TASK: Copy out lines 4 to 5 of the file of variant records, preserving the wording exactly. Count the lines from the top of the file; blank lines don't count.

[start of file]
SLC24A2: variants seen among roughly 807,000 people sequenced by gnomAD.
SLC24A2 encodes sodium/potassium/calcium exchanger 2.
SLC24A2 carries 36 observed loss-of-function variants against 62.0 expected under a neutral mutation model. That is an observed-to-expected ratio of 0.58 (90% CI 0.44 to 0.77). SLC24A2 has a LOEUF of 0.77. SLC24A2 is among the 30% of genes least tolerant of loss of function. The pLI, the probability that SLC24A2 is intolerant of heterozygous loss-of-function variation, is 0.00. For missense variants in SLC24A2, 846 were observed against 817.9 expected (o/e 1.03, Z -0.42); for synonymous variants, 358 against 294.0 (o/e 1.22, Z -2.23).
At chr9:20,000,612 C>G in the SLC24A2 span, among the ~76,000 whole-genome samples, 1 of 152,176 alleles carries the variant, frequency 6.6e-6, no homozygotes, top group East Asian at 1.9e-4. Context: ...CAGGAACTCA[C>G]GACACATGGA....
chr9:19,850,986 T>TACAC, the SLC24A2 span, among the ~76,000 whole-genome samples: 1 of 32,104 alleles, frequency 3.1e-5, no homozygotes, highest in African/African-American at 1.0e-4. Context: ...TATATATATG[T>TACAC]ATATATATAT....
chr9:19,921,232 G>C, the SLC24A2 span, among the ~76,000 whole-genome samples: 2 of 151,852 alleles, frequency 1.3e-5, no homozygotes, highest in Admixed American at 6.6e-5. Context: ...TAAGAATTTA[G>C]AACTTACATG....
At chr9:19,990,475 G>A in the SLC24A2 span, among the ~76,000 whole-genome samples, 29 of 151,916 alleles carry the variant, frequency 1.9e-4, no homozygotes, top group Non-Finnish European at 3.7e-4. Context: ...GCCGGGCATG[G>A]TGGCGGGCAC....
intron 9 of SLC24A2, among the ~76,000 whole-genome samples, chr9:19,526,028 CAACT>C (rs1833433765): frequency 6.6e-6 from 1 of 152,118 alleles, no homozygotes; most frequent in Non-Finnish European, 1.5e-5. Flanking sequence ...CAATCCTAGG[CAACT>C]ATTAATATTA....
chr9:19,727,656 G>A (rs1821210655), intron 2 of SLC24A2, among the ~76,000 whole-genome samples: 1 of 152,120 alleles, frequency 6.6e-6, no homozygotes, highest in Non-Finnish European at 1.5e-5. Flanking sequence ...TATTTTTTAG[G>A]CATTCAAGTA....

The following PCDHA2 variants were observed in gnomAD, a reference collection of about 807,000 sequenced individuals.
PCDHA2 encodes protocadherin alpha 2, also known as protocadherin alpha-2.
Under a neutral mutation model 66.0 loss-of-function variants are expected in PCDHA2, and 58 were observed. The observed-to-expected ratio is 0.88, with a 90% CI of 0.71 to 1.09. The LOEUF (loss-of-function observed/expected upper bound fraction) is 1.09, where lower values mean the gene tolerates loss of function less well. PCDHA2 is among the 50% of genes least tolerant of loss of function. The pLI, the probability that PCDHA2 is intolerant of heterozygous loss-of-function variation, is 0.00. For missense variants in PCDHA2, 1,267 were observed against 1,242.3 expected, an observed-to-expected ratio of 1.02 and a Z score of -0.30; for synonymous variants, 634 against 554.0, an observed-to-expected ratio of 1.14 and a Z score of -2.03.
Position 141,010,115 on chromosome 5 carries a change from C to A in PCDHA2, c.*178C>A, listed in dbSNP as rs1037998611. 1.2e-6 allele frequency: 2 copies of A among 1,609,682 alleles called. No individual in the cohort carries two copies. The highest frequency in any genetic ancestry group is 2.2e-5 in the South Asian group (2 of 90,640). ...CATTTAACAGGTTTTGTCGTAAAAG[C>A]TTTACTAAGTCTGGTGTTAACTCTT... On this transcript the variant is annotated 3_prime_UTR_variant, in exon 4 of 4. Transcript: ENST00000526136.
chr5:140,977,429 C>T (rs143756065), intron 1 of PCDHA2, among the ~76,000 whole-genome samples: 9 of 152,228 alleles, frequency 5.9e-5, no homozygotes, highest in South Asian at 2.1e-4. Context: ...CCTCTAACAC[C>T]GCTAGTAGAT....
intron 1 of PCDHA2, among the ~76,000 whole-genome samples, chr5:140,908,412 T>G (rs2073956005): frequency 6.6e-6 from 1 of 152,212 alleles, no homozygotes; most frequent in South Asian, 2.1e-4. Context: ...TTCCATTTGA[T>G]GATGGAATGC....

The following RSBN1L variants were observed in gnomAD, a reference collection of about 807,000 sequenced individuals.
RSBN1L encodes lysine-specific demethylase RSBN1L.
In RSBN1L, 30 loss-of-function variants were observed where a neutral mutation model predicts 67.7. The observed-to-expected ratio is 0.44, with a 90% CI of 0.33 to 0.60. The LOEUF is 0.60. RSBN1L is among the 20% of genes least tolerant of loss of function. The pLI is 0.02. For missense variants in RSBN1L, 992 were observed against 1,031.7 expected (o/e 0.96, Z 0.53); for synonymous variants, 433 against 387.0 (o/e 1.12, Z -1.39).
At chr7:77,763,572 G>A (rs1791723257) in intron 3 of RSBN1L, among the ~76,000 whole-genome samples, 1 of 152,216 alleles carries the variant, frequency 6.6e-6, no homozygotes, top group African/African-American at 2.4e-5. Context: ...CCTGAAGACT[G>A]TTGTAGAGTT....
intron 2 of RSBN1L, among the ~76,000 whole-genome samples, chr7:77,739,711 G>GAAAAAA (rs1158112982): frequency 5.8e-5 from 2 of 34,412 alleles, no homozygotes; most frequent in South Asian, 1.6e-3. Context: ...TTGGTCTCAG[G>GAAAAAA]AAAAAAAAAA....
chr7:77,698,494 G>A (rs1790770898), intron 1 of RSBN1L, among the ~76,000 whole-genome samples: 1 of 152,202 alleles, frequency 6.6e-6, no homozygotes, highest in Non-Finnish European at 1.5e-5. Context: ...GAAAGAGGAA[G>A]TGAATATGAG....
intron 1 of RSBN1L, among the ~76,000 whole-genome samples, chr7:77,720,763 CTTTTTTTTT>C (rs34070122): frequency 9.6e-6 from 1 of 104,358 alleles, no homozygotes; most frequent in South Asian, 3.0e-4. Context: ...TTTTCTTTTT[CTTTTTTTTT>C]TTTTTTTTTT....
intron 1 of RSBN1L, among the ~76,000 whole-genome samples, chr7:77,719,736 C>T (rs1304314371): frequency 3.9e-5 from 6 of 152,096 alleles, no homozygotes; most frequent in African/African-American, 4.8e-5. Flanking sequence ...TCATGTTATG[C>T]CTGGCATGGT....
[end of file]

At chr9:20,000,612 C>G in the SLC24A2 span, among the ~76,000 whole-genome samples, 1 of 152,176 alleles carries the variant, frequency 6.6e-6, no homozygotes, top group East Asian at 1.9e-4. Context: ...CAGGAACTCA[C>G]GACACATGGA....
chr9:19,850,986 T>TACAC, the SLC24A2 span, among the ~76,000 whole-genome samples: 1 of 32,104 alleles, frequency 3.1e-5, no homozygotes, highest in African/African-American at 1.0e-4. Context: ...TATATATATG[T>TACAC]ATATATATAT....